The Costumer's Manifesto
. blogg läs mer här Designers, therefore, need to communicate the shows design to all the other costumers involved in the process as clearly as possible, so that when design decisions are made at any level of the process, from buttons to butt padding, they reflect the needs of the show or film as a whole.
VII. I assist the Audience in understanding the story and charactersIn performances where spectacle is required, I make the costumes astonish and entertain, but when the audience should be more aware of the other elements of the performance, I will try to make the costumes recede to the background, without personal vanity.
VIII. I study the history of fashion and dress, no matter what my position in a costume studio, so that I can better replicate the styles of clothing of the past when neededHowever, I will remember to avoid mindlessly copying old fashion plates, but instead keep in mind the key elements of character and concept, and select or adapt those fashions to suit the individual production.
IX. I am aware that my work consists primarily of adapting and reinventing pre-existing styles to do a functional purpose: cover a bodyI know then that what I build is not legally subject to copyright law, and I will not winge and whine if another designer is, in turn, inspired to reuse elements, even a majority of those elements, from one of my designs in their workI will accept this as flattery if anyone does so.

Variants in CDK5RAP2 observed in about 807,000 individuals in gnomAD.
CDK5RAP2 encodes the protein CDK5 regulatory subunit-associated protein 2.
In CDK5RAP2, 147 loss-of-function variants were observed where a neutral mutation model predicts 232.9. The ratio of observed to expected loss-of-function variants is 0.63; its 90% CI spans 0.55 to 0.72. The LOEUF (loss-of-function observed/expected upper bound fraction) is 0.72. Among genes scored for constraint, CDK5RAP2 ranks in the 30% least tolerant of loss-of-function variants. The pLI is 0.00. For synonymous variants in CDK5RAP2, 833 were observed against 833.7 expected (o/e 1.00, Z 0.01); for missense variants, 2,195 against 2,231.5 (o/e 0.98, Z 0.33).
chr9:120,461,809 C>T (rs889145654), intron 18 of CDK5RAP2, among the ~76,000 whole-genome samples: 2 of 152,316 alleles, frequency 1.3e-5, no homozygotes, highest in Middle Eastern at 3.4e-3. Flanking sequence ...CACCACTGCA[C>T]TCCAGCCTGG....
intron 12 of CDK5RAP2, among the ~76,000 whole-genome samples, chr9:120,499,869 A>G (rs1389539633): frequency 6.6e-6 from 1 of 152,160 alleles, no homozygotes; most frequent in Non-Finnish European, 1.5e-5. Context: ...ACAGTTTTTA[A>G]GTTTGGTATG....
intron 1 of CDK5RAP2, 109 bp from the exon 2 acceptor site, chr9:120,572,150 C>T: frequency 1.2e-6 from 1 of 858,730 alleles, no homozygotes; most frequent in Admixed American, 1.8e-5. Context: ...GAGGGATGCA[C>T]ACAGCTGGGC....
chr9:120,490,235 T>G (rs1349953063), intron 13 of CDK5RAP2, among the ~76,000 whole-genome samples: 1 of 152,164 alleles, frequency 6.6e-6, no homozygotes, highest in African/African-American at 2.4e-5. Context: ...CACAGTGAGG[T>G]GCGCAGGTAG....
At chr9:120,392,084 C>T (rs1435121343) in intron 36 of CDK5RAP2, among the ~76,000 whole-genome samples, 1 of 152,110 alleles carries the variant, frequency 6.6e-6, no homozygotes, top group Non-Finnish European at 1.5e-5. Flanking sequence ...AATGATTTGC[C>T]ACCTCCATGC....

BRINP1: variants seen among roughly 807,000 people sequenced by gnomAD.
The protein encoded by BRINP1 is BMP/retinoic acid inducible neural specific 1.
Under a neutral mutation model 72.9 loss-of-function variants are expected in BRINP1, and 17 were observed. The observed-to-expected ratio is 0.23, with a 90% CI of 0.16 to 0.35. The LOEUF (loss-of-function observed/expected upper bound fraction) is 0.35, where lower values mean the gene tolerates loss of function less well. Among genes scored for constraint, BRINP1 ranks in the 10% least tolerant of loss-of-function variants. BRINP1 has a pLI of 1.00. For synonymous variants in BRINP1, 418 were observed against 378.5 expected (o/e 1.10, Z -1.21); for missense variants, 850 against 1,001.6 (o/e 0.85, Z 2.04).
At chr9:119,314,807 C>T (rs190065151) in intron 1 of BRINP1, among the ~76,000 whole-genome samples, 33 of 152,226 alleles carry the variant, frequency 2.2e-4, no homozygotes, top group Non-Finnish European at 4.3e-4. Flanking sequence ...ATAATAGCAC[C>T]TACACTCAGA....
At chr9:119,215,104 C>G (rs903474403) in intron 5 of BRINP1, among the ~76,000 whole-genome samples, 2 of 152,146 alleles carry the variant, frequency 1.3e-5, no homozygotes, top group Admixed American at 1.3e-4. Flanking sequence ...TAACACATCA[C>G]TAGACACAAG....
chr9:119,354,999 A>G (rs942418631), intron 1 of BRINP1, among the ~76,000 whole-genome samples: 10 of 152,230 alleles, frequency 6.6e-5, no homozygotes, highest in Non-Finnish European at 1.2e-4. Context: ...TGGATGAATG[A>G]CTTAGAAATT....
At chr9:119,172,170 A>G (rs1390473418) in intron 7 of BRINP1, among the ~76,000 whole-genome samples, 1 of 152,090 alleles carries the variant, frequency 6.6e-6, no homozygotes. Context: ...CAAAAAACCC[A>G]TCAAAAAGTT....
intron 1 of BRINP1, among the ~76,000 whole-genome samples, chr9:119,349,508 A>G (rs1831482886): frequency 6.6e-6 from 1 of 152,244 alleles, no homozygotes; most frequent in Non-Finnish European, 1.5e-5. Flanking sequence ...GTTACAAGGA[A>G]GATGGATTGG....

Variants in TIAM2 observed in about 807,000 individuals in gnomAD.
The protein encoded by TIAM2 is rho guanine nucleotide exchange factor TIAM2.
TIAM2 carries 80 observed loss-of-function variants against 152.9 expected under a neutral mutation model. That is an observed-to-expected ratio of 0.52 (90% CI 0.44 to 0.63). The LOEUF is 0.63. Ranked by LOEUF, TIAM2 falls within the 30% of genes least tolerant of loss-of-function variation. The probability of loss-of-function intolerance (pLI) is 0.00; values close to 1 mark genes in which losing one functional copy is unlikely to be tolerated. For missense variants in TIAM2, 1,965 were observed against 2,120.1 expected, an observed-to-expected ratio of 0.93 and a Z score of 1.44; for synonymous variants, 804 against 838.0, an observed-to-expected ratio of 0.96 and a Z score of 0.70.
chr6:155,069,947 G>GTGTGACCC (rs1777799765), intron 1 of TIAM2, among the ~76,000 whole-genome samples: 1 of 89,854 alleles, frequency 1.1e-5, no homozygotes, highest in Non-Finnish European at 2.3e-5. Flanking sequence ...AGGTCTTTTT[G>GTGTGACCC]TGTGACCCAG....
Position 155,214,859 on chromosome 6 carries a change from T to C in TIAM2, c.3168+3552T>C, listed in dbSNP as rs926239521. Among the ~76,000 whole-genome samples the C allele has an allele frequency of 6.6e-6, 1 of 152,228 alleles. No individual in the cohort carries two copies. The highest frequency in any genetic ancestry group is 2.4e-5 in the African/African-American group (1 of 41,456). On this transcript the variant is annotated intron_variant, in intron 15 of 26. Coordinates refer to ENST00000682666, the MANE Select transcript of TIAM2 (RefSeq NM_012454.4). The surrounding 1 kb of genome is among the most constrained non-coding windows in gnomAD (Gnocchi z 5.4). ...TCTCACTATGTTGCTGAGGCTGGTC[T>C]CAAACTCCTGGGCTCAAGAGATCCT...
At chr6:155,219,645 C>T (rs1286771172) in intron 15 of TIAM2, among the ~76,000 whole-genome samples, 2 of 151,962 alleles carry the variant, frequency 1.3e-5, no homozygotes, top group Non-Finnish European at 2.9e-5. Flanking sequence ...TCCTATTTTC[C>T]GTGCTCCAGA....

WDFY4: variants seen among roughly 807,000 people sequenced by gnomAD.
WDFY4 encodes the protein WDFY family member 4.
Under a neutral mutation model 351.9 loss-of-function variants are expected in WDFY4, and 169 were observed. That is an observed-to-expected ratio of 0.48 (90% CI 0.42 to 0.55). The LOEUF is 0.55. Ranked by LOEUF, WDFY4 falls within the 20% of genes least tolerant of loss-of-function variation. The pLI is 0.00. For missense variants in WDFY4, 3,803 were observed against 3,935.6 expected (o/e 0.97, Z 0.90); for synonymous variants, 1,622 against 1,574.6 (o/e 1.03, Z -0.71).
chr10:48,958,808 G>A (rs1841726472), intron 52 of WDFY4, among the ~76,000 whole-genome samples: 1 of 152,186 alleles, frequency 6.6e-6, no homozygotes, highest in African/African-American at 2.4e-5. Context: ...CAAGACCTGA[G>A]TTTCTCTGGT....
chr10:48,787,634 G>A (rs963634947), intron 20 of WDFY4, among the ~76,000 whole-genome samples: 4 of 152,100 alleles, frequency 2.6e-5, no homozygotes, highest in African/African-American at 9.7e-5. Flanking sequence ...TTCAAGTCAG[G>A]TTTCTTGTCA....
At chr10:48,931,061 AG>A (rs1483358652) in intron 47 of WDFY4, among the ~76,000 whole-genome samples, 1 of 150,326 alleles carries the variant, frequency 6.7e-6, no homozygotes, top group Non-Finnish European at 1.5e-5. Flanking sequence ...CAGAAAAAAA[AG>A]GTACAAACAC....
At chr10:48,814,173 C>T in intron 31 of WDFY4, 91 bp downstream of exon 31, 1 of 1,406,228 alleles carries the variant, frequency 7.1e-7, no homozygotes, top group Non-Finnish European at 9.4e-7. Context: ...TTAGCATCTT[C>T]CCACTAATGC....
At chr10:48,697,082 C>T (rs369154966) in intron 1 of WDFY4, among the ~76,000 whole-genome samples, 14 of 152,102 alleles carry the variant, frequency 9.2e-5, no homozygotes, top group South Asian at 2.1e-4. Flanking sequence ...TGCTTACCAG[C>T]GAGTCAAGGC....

X. Costuming is a fun profession, and I endeavor at all times to keep it that way by remembering the feelings of all my collaboratorsAt no time should actors feel their bodies are being criticized in a fitting, nor should a student, worker or volunteer be treated as slave labor, nor should a director or another designer be bullied into an unwanted design decisionA desire for excellence is good, but the desire should never be pursued to any degree that ignores labor law, common courtesy or civilized collaboration.
Tara Maginnis, 8/18/2002